by Pettus Read
As I pulled into the long gravel driveway of Uncle Sid and Aunt Sadie's the other day, I was already looking forward to sitting down at their kitchen table for a time of down-home discussion. And, of course, the chance of getting some of Aunt Sadie's homemade tea cakes had also helped lure me to their white clapboard house out near the county line as well.
Winter was making its presence known on that cold January day as I hurriedly moved from my car to the wide back porch of their farm house. The north wind was kicking up the last of winter's leaves from the large maple trees that surrounded the farmstead and just seeing Aunt Sadie through the kitchen window standing at her white porcelain cook stove was enough to warm the coldest winter day.
Just as I had hoped for, she had baked her famous tea cakes that morning and the aroma of their goodness still filled the air in the couple's kitchen. They were still warm and soft. She placed two on a china plate and handed them to me along with a cup of hot coffee from the percolator that had poured many cups of coffee for the couple. While trying to control my drooling, I took a place at the round kitchen table across from Uncle Sid who also was working on a cookie and a cup of coffee.
From across the room Aunt Sadie looked our way and made a suggestion to Uncle Sid. "Sid, won't you tell him about your trip to Nashville with cousin Hubert to see that college basketball game," she said. "Sid really had a rude awakening when it came to buying food at one of those big coliseums."
I could almost hear a chuckle in Aunt Sadie's voice and I knew that this conversation was going to be one of interest.
Uncle Sid quit dunking his tea cake and swallowed what he had in his mouth.
He kicked back in his wooden kitchen chair and with wide eyes started telling me about his trip to see the Vols play basketball in the Nashville arena. Uncle Sid has always loved basketball and the trip to Nashville was the first time he had ever set foot in a large sporting arena.
"I still can't believe how big that place is," he began our discussion talking about the Nashville facility. "You sure could store a lot of hay in that place." Uncle Sid always compares building sizes to barn sizes and their capacity to hold farm products. He also compares the cost of merchandise purchases with what he gets for the sale of livestock at the local stock barn. It is all based in the perspective of how you look at things I guess and my uncle's perspective is seen in farm prices.
"How was the game?" I asked.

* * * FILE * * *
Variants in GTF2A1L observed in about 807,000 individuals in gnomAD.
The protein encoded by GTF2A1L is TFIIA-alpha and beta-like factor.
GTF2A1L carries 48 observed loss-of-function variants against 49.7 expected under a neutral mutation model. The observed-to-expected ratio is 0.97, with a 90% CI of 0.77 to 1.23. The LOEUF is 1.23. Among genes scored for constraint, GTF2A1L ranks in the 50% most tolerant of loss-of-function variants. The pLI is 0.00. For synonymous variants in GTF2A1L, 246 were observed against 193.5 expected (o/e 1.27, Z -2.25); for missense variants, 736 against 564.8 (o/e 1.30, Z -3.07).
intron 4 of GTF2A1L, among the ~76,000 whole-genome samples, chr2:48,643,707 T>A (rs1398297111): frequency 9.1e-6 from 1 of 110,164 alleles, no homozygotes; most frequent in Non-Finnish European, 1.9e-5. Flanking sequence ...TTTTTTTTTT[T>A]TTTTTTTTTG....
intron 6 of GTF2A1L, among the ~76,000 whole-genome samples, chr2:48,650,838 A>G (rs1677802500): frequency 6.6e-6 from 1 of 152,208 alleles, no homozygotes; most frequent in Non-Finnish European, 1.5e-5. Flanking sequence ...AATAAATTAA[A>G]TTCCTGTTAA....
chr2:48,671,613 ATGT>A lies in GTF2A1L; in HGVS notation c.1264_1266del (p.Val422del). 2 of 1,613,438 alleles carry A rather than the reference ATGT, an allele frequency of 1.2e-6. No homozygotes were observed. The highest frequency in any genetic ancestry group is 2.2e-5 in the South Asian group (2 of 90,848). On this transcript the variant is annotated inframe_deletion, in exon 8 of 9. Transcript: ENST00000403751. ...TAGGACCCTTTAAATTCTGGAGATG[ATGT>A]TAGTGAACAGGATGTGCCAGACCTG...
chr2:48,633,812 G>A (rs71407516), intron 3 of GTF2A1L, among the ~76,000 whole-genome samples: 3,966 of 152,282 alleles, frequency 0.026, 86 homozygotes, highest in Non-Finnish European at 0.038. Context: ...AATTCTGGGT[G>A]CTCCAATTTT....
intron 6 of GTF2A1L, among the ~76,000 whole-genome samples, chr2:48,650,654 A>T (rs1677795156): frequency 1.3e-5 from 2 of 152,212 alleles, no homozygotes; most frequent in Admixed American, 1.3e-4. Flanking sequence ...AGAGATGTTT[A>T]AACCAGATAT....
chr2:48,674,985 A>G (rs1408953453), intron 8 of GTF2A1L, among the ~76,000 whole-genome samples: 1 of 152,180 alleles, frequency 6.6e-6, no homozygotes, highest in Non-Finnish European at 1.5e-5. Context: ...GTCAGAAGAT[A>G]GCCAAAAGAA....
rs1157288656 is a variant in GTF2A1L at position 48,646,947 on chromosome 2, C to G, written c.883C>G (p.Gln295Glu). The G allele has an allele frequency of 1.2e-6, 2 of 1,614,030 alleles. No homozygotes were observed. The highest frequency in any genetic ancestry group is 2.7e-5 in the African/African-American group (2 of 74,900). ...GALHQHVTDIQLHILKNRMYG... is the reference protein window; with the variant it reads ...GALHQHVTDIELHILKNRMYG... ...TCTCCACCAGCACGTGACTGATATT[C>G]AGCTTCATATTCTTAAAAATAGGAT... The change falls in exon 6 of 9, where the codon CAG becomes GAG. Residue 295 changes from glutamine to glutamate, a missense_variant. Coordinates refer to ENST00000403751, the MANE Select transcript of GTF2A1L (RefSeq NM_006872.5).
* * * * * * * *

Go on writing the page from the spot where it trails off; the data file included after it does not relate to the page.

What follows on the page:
"It was good, but we sat up a good ways from the floor and it wasn't as hardly as enjoyable as it is over here in our high school gym," he answered while stirring his coffee.
"I like to be close enough to hear the action as well as see it. Plus, I got tired of those fellows walking around selling their wares. Seems just as a play was about to be made, some guy would come by trying to sell a slice of pizza. And, that stuff cost half of a beef." See what I mean?
"Yeah. When we got there we bought our supper," he went on to explain. "We got two little old hamburgers with nothing on them. You had to go over to a place among all the people to put salad dressing on them. Hubert got a paper cup of fried taters and we each got two bottles of water. All of that cost us $25.00! If I could sell my beef for what they get for a hamburger, each cow on this place would have to be kept at the bank because they would be worth a fortune."
I could tell Uncle Sid was not impressed with the food at his sporting event. By his comments, the cost especially got his attention.
"Later that night, I had a hankering for something sweet and I really like to eat those M&M peanuts at ball games," he said. "I found a concession stand that had a pretty good size box of my favorite candy for $4.00. That seemed sort of high, but the box looked pretty big and knowing where I was at, figured it just might be a pretty good deal. I bought it and took it back to my seat. Boy, was I surprised."
From the cook stove I heard Aunt Sadie giggle. That was my cue to ask, "What happened?"
He put his thumbs in each of his overall galluses and said, "There was only 45 of those little candies in that great big old box. That made each one of them cost around nine cents each," he exclaimed. "So, not to be out done, I got even."
"And how did you do that?" I asked.
While getting up to get another tea cake, he answered me saying, "I made them last the entire ball game. I timed each one by the half and minutes of the game.
By sucking the chocolate off the peanut very slowly and wallowering the peanut around for a while, that box of candy lasted me to the last second shot. It pays to be a farmer these days if you are going to sale wholesale and buy retail.
Only a farmer has enough patience to make a chocolate covered peanut last 40 seconds of game time per nut, plus timeouts and halftime."
Yeah. Only a farmer like Uncle Sid would even attempt it.